BSU vice president brings light to social justice issues

Hailing from the South Bronx, senior Ashley Ramos is adamant about social justice and uses that passion to fight against gentrification. She’s been making a difference ever since she began her college career at Geneseo.

Geneseo wasn’t originally on Ramos’ radar, however. She explained that after she did not receive a scholarship that her brother got, she reevaluated her choices and applied to different colleges.

“I quickly tried to apply to the SUNY system, got into Geneseo and I was like, ‘What is in Geneseo?’” she said. “My mock trial coach was like, ‘You absolutely have to go there.’ She was like, ‘That is the number one SUNY school, you’re going, you’re going, you’re going,’ and I ended up coming here.”

Ramos explained that she spends most of her time working as the vice president of Black Student Union. BSU has acted as an educational organization for students of all races since its start in 2014.

“You go under the Black Studies department on KnightWeb and there are hardly any Black Studies courses here. So BSU does all in its power to educate the campus on black issues and black histories and things we may take for granted or not know,” Ramos said. “We try to just unify the campus—we have a lot of parties where everyone’s welcome to attend. We strive for black excellence—that’s our motto—so if it’s not excellent, we’re not doing it.”

Ramos got started in BSU during her sophomore year after getting involved with Students Against Social Injustice. “I met Christopher Bland ‘15—who was the former president—and I admired him,” she said. “He was just so excellent and organized and had a vision for it, so at first I was treasurer and this year, I became vice president.”

Outside of Geneseo, Ramos is involved with a nonprofit called Movimiento por Justicia del Barrio—Movement for Justice in El Barrio, which is a colloquial name for East Harlem. “East Harlem, which is predominantly Hispanic, is quickly being gentrified because of schools like Columbia [University] or even [New York City] Mayor [Bill] de Blasio’s rezoning plan,” Ramos said. “My job is basically to go out to the community and get people motivated to come to our meetings and at least just hear us out and hear the issues that are concerning our communities.”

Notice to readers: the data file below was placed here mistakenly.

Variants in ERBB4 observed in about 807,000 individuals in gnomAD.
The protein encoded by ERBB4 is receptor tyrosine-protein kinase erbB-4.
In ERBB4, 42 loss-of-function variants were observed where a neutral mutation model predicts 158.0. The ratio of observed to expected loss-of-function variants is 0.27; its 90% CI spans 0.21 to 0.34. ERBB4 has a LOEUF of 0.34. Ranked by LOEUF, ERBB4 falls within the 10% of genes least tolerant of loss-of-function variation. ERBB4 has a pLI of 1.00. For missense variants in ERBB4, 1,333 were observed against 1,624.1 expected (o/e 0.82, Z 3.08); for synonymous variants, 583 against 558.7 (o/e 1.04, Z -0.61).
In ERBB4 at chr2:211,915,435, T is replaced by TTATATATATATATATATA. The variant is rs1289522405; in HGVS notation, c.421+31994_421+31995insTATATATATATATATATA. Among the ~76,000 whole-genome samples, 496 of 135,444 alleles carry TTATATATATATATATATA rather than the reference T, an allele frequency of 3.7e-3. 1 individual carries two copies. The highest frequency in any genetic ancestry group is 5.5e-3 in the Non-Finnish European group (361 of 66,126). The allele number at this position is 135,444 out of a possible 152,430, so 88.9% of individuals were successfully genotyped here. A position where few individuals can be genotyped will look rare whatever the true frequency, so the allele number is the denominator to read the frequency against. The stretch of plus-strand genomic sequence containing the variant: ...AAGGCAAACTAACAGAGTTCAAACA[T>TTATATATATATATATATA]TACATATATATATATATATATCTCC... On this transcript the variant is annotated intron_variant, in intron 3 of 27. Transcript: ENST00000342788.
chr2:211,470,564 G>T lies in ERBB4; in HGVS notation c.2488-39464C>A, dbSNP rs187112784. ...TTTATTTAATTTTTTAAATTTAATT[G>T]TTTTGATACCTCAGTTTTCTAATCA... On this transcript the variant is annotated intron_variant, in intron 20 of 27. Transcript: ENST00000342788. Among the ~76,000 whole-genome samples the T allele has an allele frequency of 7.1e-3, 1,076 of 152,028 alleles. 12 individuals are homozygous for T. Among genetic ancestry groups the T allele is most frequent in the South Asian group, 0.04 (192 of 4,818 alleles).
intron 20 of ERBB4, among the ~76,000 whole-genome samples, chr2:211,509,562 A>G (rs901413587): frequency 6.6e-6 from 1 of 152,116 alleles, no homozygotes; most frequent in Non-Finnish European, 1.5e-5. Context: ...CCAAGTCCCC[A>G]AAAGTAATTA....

Ramos found the job through the former public relations manager of SASI. He mentioned the position to her because of her passion for fighting gentrification. She’s worked there for the past three years.

Movimiento por Justicia del Barrio isn’t the only nonprofit Ramos has worked with, however. “For some time, my brother and a bunch of his college friends started another not-for-profit called Inspirational Medicine,” she said. “We tried to connect terminally ill children with their role models, but via technology. So I dibbed and dabbed a little bit there.”

Now in her final semester at Geneseo, Ramos is looking to continue her fight against gentrification through a fellowship. “I was offered a fellowship with Movement for Justice, so I will be having my own tenant committee and I will focus on three buildings in East Harlem. I will organize them, have meetings and I’m completely autonomous—it’s all my doing,” she said. “It’s a little frightening to have so much responsibility because this is also their livelihood. Most of the members are women—single women—so they work multiple jobs but still find the time to do community organizing and to come out to our meetings to fight against gentrification.”

For the time being, Ramos plans to continue working with BSU to educate the campus and to fight against injustices in Geneseo and New York City. “It’s a lot of work, but it’s a lot of fun as well,” she said.